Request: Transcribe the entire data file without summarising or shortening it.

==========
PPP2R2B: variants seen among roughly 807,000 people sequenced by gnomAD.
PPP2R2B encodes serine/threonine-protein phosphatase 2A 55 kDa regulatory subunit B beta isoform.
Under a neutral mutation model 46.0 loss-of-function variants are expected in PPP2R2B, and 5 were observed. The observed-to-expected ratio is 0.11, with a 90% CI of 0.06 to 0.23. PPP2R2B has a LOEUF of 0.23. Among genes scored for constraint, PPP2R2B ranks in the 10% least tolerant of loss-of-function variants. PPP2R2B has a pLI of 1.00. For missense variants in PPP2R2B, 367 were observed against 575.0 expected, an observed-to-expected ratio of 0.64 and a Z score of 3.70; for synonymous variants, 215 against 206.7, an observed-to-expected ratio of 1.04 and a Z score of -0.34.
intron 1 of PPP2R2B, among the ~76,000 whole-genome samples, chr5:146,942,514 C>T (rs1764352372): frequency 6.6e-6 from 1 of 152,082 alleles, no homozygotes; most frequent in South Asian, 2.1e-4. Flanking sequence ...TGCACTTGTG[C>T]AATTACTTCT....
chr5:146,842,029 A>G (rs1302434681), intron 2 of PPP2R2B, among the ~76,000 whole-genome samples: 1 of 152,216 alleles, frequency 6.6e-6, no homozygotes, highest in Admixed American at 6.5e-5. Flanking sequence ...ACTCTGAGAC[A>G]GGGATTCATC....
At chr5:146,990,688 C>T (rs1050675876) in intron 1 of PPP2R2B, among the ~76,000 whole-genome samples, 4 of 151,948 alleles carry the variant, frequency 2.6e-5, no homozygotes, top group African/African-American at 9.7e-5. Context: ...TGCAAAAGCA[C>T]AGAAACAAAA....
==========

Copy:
PPP2R2B: variants seen among roughly 807,000 people sequenced by gnomAD.
PPP2R2B encodes serine/threonine-protein phosphatase 2A 55 kDa regulatory subunit B beta isoform.
Under a neutral mutation model 46.0 loss-of-function variants are expected in PPP2R2B, and 5 were observed. The observed-to-expected ratio is 0.11, with a 90% CI of 0.06 to 0.23. PPP2R2B has a LOEUF of 0.23. Among genes scored for constraint, PPP2R2B ranks in the 10% least tolerant of loss-of-function variants. PPP2R2B has a pLI of 1.00. For missense variants in PPP2R2B, 367 were observed against 575.0 expected, an observed-to-expected ratio of 0.64 and a Z score of 3.70; for synonymous variants, 215 against 206.7, an observed-to-expected ratio of 1.04 and a Z score of -0.34.
intron 1 of PPP2R2B, among the ~76,000 whole-genome samples, chr5:146,942,514 C>T (rs1764352372): frequency 6.6e-6 from 1 of 152,082 alleles, no homozygotes; most frequent in South Asian, 2.1e-4. Flanking sequence ...TGCACTTGTG[C>T]AATTACTTCT....
chr5:146,842,029 A>G (rs1302434681), intron 2 of PPP2R2B, among the ~76,000 whole-genome samples: 1 of 152,216 alleles, frequency 6.6e-6, no homozygotes, highest in Admixed American at 6.5e-5. Flanking sequence ...ACTCTGAGAC[A>G]GGGATTCATC....
At chr5:146,990,688 C>T (rs1050675876) in intron 1 of PPP2R2B, among the ~76,000 whole-genome samples, 4 of 151,948 alleles carry the variant, frequency 2.6e-5, no homozygotes, top group African/African-American at 9.7e-5. Context: ...TGCAAAAGCA[C>T]AGAAACAAAA....